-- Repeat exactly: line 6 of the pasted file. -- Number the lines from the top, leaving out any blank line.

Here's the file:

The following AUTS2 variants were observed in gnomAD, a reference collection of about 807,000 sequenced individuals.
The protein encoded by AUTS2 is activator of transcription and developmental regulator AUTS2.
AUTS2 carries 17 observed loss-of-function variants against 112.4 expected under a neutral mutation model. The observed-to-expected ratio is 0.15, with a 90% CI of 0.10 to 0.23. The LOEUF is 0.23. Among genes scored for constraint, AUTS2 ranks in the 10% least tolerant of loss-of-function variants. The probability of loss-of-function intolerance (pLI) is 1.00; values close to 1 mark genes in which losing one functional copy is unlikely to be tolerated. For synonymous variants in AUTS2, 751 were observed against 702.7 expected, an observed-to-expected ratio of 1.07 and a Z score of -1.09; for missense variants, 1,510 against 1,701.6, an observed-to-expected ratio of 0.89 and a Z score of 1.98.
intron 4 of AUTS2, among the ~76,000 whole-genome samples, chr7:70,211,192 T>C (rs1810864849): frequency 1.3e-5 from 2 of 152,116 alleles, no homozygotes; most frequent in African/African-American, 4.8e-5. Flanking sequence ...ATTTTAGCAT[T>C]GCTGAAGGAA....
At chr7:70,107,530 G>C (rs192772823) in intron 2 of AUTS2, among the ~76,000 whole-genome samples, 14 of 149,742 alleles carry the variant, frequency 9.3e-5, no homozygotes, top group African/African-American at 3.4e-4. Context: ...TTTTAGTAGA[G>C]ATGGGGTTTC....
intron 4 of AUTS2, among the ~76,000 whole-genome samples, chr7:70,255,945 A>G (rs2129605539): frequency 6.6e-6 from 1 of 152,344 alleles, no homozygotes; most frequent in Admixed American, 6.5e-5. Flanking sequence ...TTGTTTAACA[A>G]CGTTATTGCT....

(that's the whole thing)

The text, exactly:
intron 4 of AUTS2, among the ~76,000 whole-genome samples, chr7:70,255,945 A>G (rs2129605539): frequency 6.6e-6 from 1 of 152,344 alleles, no homozygotes; most frequent in Admixed American, 6.5e-5. Flanking sequence ...TTGTTTAACA[A>G]CGTTATTGCT....